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Alumnus Mike Kaplan is Aspen Skiing Co.’s king of the hill

Mike Kaplan started as director of Aspen’s ski school then moved up to operations. In 2005, he was named chief operating officer; a year later, he was appointed CEO and president. Photo courtesy of Aspen/Snowmass

A lifelong skier who learned the sport on a tiny ski hill in Wisconsin, Aspen Skiing Co. CEO and President Mike Kaplan (MBA ’93) now runs one of the world’s top ski complexes.

Aspen has four resorts offering a wide range of terrain: the beginner’s paradise at Buttermilk; the steeps at Aspen Mountain and Aspen Highlands; and the sprawling, family-friendly Snowmass.

Kaplan set his heart on a career in the ski industry while ski bumming at New Mexico’s Taos Ski Valley Resort, where he headed after earning his undergraduate degree from the University of Colorado. At Taos, he taught skiing, worked the graveyard shift running the snow guns and learned the science of avalanche control on the ski patrol.

Needing a stronger foundation in management to make his next career move, he enrolled at DU’s Daniels College of Business to earn his MBA.

“I’d come to realize that most managers in the ski industry back then had come up through the ranks and had gotten on-the-job training,” recalls Kaplan, who lives in Aspen with his wife, Laura, and four children. “A business degree was a good next step.”

He started as director of Aspen’s ski school then moved up to operations. In 2005, he was named chief operating officer; a year later, he was appointed CEO and president.

Five years later, Kaplan says Aspen is poised for renewed growth. Health-conscious baby boomers are reaching their 50s and 60s still in shape, with money to spend, and with legs strong enough to head down a run in a foot of fresh powder. Better mountain grooming and improved ski technology has also improved the on-mountain experience.

Those years, however, won’t last forever, and Kaplan — like the rest of the ski industry — knows Aspen needs to reach out to the younger generation to get more skiers and snowboarders up on the mountain.

“Things are good right now, but down the road, we need to replace those baby boomers with Gen X and Gen Y,” Kaplan says. “We need to build and nurture Gen X, and Gen Y is a different generation. It’s more diverse, and our business is not that diverse. We need to diversify our customer base to compete for those vacation dollars.”

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2 Comments

  1. Dawn J. Frank says:

    I appreciate Mike Kaplan’s effort of developing Aspen and keeping it alive for the next generation of skiers. Along with Mike, there are people who also deserve an applaud or perhaps a standing ovation for their contributions on making Aspen ski resort a part of history: http://www.aspenspin.com/journal/2010/1/19/aspen-its-a-ski-town.html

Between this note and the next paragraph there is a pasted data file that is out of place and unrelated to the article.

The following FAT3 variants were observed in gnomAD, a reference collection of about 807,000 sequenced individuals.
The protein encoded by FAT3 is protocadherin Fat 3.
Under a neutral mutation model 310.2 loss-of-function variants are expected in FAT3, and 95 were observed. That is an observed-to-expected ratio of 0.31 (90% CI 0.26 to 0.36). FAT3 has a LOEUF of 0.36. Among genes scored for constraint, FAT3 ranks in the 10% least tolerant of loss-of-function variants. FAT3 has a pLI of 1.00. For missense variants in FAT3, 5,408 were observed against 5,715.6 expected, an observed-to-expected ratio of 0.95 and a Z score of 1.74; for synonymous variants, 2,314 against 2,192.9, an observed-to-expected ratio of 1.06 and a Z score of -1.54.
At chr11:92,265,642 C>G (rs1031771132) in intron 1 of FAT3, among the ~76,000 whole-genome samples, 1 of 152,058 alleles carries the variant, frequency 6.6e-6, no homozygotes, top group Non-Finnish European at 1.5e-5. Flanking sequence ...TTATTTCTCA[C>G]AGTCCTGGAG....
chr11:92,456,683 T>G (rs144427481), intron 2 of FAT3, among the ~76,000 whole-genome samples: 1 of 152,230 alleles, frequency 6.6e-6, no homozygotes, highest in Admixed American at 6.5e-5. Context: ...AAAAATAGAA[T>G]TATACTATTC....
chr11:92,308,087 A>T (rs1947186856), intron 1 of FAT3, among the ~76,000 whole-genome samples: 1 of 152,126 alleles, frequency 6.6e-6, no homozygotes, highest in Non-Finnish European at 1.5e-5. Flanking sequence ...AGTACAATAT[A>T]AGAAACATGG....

• Lee Mulcahy, PhD says:

      Kaplan acknowledged that a lot of people in Aspen, inside and out of the Skico, are anxious to see if he will be “an agent of change” for the Skico.-Aspen Times

      Dear Mike,
      Despite our differences, we both love the community our town creates. Although I have to ROFL when the local dukes and countesses line up to pay 10K to meet barefoot Michelle Obama at the castle General Dynamics built four blocks from my Communist public housing house. Rome in the 4th Quarter or Versailles?

      These days our politicians are just boring blowhards; whereas, our Revolutionary forefathers deeply respected a good fight. One of the more famous duels back in the day occurred when Vice President Burr fatally wounded former Secretary of Treasury Hamilton in a High Noon shootout.

      Taking inspiration from the Roger Marolt/Aspen Times and Lo Semple/Aspen Daily News current challenge: Why not a Mulcahy/Kaplan flip-off at the base of Aspen? Set up bleachers & the whole town could come…you’ll need to use the Little Nell suite above Ajax Tavern as a VIP section for Heidi’s crowd. Cheerleaders?—would Paula bring pom-poms and go all Dallas Cowboys for you?

      It’ll be hilarious: CEO vs. peon; big $ vs. white trash; Chicago North Shore vs. Fort Worth, Texas; Audi driving Master of the Skico Universe vs. pick-up driving Skico whistleblower; Aspen Institute green “limousine liberal” vs. “Don’t tread on me” NRA/Tea Party occupier; Castle Creek free market Denver University MBA vs. Burlingame public housing union organizing Sorbonne-attending PhD; Ski vs. snowboard; 1% vs. 99%.

      How ‘bout a moguls contest on AH’s Scarlett’s instead of all this legal stuff we’ll go through next? Man to man. The Old Guard of Aspen would love it and so in line with our local history. But if I win, Skico has to pay more than $9.25/hr. u call a “living wage” here and … I get my job back. Full disclosure: I was freestyle aerial certified. But I’ll even flip on a snowboard and u can use those skis Roger Marolt pokes fun of u about.

      These protests all over the world have the same message: Hey, 1%! Be fair and treat us with dignity.

      And that’s the paradox of the public space, everyone may kind of know something unpleasant, but once someone says it, it changes everything. Therefore, I cannot resist: Paula Crown, PhD candidate at the Art Institute of Chicago, is on President Obama’s arts council. Michelle has lunch at Paula’s palace. General Dynamics and JP Morgan Chase are very prosperous.
      What was that Dan Sheridan song Paula had banned? “Big $”?
      28th amendment anyone?

      So back to skiing, Mike, are you in?

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